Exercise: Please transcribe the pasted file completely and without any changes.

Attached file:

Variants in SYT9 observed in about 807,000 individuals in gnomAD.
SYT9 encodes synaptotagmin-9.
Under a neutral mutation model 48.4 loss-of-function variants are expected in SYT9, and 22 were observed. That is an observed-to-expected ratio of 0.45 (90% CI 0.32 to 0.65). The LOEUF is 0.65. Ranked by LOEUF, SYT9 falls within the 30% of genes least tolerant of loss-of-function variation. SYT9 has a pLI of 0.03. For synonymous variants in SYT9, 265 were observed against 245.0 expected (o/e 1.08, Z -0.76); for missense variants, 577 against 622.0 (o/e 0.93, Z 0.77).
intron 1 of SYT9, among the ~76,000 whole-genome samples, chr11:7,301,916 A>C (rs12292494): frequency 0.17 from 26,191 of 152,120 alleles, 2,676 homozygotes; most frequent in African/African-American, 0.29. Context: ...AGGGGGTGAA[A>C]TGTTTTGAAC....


Variants in SYT9 observed in about 807,000 individuals in gnomAD.
SYT9 encodes synaptotagmin-9.
Under a neutral mutation model 48.4 loss-of-function variants are expected in SYT9, and 22 were observed. That is an observed-to-expected ratio of 0.45 (90% CI 0.32 to 0.65). The LOEUF is 0.65. Ranked by LOEUF, SYT9 falls within the 30% of genes least tolerant of loss-of-function variation. SYT9 has a pLI of 0.03. For synonymous variants in SYT9, 265 were observed against 245.0 expected (o/e 1.08, Z -0.76); for missense variants, 577 against 622.0 (o/e 0.93, Z 0.77).
intron 1 of SYT9, among the ~76,000 whole-genome samples, chr11:7,301,916 A>C (rs12292494): frequency 0.17 from 26,191 of 152,120 alleles, 2,676 homozygotes; most frequent in African/African-American, 0.29. Context: ...AGGGGGTGAA[A>C]TGTTTTGAAC....